- Actually volunteers to drown so that his pregnant ex can survive and trusts her to resuscitate him
In between all of this, he skydives, scuba dives and visits several dives in order to prevent mass murder and global catastrophe. Whereas it takes Bond several hours and millions of pounds to carry out one quick kill, it takes one Sterling to assassinate fifty people by accident before the opening credits.
Archer has an uncanny ability of identifying any firearms correctly after only a brief glance but Bond can probably do the same. He also hears where each gunshot comes from, much the same as Bond. But then Bond falls short when Archer constantly proves himself capable of counting who fired how many bullets, how many they have left, doesn’t always understand sarcasm and can be extremely possessive, once going so far as to say ‘my night-vision goggles’. He even realizes in season four that he genuinely might be autistic. Even if it’s just part of some long running joke, it gives me hope that more main characters will be given their own unique oddities in the future.
To evaluate the first season of Archer he:
- Uncovers a spy (by accident),
- Tries to train the ISIS accountant as a spy,
- Gets (both literally and metaphorically) stabbed in the back,
- Is forced to cover up the assassination of the chairman of the UN intelligence committee,
- Tries to seduce a gay man,
- Accidentally messes up another agent’s mission in an misplaced rescue,
- Mistakenly activates a bomb on a ‘rigid air ship’ (blimp),
- Realizes that without the underlings, he cannot pull off a mission… during a mission,
- Quits to start at another firm and then returns to ISIS (all in one episode) and
- Has a Soviet brain control chip implanted in his skull.
Compared with the first ten Bond films where 007:
- Stops an atomic-powered radio (Dr. No),
- Steals a computer (From Russia With Love),
- Stops a gold robbery (Goldfinger),
- Recovers a nuke (Thunderball),
- Attacks SPECTRE with a ninja army (You Only Live Twice),
- Changes faces and infiltrates a mind-control facility (On Her Majesties Secret Service),
- Changes his face back and stops a space laser (Diamonds Are Forever),
- Changes faces again and take on a voodoo drug smuggler (Live And Let Die),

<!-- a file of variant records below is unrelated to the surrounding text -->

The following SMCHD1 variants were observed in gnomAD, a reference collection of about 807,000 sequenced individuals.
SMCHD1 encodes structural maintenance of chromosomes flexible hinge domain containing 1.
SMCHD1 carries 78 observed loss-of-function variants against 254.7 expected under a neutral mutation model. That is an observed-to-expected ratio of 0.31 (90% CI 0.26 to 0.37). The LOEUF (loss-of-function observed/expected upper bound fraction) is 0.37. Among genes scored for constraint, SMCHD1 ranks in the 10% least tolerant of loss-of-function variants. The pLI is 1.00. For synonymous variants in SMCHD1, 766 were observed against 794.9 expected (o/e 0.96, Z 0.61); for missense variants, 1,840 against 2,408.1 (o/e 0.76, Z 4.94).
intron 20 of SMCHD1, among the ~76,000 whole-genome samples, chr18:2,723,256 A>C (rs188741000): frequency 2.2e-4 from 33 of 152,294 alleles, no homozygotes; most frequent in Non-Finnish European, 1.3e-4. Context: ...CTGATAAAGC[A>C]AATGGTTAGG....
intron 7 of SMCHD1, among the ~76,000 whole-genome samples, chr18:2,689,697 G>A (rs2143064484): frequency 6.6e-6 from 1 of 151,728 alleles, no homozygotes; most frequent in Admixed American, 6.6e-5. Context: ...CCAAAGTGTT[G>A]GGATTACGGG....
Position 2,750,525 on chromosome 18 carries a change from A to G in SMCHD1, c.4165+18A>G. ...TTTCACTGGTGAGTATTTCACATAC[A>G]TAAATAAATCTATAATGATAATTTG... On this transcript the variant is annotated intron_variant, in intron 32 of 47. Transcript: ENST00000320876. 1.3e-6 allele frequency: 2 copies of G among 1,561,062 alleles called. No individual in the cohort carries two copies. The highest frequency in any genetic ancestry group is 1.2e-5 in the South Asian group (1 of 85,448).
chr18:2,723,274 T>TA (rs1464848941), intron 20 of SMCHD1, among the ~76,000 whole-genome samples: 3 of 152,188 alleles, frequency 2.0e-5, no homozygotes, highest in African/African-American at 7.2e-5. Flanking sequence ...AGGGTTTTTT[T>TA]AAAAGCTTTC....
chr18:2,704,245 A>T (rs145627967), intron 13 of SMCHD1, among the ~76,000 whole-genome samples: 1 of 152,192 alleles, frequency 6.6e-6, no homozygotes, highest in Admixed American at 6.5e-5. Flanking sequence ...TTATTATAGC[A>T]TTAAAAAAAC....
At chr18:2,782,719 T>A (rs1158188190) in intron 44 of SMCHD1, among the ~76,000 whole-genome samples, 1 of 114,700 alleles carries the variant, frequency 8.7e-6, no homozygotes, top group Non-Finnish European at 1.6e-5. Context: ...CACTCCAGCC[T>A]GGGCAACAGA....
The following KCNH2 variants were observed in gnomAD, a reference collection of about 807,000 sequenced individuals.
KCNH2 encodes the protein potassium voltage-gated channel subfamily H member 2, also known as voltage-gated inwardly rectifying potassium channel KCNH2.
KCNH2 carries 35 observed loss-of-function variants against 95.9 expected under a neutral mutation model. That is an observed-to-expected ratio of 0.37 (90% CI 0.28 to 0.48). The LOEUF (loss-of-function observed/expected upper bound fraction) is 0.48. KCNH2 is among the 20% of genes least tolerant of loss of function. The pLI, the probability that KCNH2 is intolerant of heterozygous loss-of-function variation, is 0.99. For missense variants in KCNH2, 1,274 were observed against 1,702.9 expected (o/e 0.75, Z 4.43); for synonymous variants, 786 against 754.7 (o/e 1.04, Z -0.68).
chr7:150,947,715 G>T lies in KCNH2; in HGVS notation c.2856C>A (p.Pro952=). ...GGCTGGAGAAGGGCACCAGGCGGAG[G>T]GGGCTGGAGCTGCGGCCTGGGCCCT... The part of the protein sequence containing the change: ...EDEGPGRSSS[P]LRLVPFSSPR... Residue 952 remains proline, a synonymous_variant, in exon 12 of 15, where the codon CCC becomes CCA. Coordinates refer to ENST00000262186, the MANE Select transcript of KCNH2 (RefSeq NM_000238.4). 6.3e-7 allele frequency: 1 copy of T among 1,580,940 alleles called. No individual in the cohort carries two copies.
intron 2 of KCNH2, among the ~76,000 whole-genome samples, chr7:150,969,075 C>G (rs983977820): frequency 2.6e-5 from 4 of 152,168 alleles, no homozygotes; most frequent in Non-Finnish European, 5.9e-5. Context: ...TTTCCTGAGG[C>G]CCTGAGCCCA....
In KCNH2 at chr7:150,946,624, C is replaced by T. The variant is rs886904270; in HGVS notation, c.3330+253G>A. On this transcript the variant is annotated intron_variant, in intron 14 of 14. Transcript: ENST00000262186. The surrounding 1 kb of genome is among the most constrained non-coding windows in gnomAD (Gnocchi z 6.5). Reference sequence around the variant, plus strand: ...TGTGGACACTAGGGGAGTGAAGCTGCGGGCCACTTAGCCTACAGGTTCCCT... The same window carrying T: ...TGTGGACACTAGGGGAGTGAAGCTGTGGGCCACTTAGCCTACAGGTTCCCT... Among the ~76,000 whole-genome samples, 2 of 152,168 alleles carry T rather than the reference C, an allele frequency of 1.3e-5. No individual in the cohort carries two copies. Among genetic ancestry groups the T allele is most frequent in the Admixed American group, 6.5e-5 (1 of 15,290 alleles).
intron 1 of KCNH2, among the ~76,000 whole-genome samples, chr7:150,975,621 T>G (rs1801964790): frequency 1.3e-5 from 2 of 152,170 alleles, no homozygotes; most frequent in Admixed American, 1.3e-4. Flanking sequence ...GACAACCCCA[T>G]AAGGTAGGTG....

- Faces an assassin (The Man With The Golden Gun) and
- Takes on a mad fish-man intent on starting nuclear war (The Spy Who Loved Me),
Of the two, Archer pulls off ahead with flying colours. Bond was great in his day but the character was written as a persona, allowing anyone to step into the shoes should the occasion arise. The films have made no mention of this detail and just switched actors whenever they feel like it, leading to the question of if they are the same person or not. Regardless, most of the pre-Craig films are interchangeable and the most amusement I have had with them was seeing Colin Salmon and recognising him from his later works of Dr Who and Arrow. There are few Bond films that I have ever wanted to watch again but the past week has mostly consisted of cycling through every Archer episode there is.
Bizarrely, Archer also has no definitive era. While James tries is best to keep with, and ahead of, the modern times, Archer is fighting the KGB in Soviet Russia with touch screen phones linked into an old tape mainframe. Whilst the computers belong in the last century, some of the cars decidedly belong in the current decade.
At the end of the day, it’s up to you to decide which is better for you. Personally, I prefer the humour of Archer to the blandness that encompasses most of the Bond history but I hold high hopes for the upcoming film and still remember in awe the climatic explosion in SPECTRE.